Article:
Harness - Jasmax

 

Architectural graduate Mark Craven, interior designer Josephine Meldgaard, landscape ‘crossover’ Sara Zwart and graphic ‘guru’ Sarah Kappely discuss, ponder and decipher their ideas and perceptions of ways to ‘harness’ creativity.

Method in the Madness (or harnessing creativity), what does that mean tome?

Sarah Kappely: My physical surrounds are in a constant state of madness; my flatmate calls me the 'tinker'. I'm a hoarder, an over-packer, I take my mess with me. My structures and methods are more internal. I have a tidy mind.

Upon psychometric testing I was informed that it was lucky because if my mind were as messy as my desk, I'd be in a world of trouble. My work is internal methods and processes to harness something that makes sense from the jumble that surrounds me, not just in my physical environment but all the ideas: my own and others' in the practice.

Sara Zwart: So - if I asked you to find a file note amongst the mess on your desk - would you find it immediately? Or would you simply remember what was on the note? I'm jealous. My clutter needs some order to be of any use to me!

SK: I would totally know where it was. Well at least its general vicinity… there is method in my madness. I just don't throw anything away, and then I can't lose it! Ha! But I generally have more trouble remembering where I tidied things to...now just where was that safe place...?

Like the Sky ad - you have everything on the floor. If someone asks where it is, you just say "on the floor!" Covered.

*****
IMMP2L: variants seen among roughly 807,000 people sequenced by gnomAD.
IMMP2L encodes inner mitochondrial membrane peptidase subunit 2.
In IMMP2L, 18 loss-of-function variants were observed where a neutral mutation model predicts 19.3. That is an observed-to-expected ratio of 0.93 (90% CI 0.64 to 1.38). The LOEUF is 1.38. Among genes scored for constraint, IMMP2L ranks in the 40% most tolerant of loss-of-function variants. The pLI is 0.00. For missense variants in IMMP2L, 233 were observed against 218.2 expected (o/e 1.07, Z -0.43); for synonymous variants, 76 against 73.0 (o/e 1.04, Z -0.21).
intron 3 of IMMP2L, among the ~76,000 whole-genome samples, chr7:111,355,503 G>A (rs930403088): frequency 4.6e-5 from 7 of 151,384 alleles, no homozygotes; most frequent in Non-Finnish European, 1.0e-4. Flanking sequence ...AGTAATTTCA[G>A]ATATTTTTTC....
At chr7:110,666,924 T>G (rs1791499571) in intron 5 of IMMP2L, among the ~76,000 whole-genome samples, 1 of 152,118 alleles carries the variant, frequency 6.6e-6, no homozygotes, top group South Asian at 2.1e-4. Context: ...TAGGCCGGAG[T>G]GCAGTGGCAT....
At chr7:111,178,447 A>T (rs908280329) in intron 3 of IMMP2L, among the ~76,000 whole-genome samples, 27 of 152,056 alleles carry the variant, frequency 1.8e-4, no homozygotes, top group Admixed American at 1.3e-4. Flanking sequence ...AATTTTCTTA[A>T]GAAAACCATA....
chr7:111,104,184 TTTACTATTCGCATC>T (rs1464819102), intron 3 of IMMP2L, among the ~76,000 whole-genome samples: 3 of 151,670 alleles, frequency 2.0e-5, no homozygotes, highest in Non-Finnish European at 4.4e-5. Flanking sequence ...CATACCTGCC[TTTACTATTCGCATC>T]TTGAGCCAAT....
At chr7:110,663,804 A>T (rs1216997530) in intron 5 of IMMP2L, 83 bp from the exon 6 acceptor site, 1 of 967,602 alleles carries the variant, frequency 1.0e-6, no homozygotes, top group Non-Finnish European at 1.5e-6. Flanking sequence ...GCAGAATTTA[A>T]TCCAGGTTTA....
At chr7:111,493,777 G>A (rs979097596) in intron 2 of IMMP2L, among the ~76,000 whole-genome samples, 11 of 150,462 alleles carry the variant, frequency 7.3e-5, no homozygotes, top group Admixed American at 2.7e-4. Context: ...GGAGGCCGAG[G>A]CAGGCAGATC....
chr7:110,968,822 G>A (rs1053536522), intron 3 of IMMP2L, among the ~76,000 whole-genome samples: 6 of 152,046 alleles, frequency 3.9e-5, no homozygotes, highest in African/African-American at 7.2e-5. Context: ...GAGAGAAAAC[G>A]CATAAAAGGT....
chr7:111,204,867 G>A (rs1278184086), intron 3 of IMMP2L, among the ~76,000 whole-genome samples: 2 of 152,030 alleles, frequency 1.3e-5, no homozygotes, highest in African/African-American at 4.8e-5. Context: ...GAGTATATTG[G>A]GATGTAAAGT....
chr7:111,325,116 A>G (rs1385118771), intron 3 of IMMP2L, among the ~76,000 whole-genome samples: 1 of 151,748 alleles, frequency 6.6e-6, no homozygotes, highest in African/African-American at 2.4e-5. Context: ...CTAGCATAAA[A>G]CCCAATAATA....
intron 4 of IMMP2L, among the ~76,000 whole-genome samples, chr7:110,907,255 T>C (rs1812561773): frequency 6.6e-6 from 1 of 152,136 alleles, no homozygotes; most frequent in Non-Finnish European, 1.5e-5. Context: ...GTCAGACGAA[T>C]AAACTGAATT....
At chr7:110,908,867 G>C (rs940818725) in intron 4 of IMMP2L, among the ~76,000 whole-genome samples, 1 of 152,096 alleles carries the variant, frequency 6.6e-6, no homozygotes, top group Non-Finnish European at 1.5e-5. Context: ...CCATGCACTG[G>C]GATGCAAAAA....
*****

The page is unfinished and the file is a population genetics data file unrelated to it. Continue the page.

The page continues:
MARK CRAVEN: I feel music is my architecture. When I designed at University, I would sit at home, improvise over a jazz song and start designing from there. I find music is generally enhanced through improvisation and architecture is improved through finding a freedom within a structured environment.

SZ: So is madness about letting go of control? I don't see that as a negative in design - it's often a rare moment in which a pure free-thought comes to me! I guess the more important question is how do we 'harness' these creative thoughts into an outcome that is useful in our discipline?

JOSEPHINE MELDGAARD: As designers, we are all slightly mad (or is that just me?).

SK: Designing for designers could definitely drive you to madness!

JM: As Sara alludes to - madness is also about disorder - in design this allows us to draw parallels from seemingly disparate things.

I think the important word here is method - how we harness and process our creative thoughts. How we give our ideas context and order our disorder!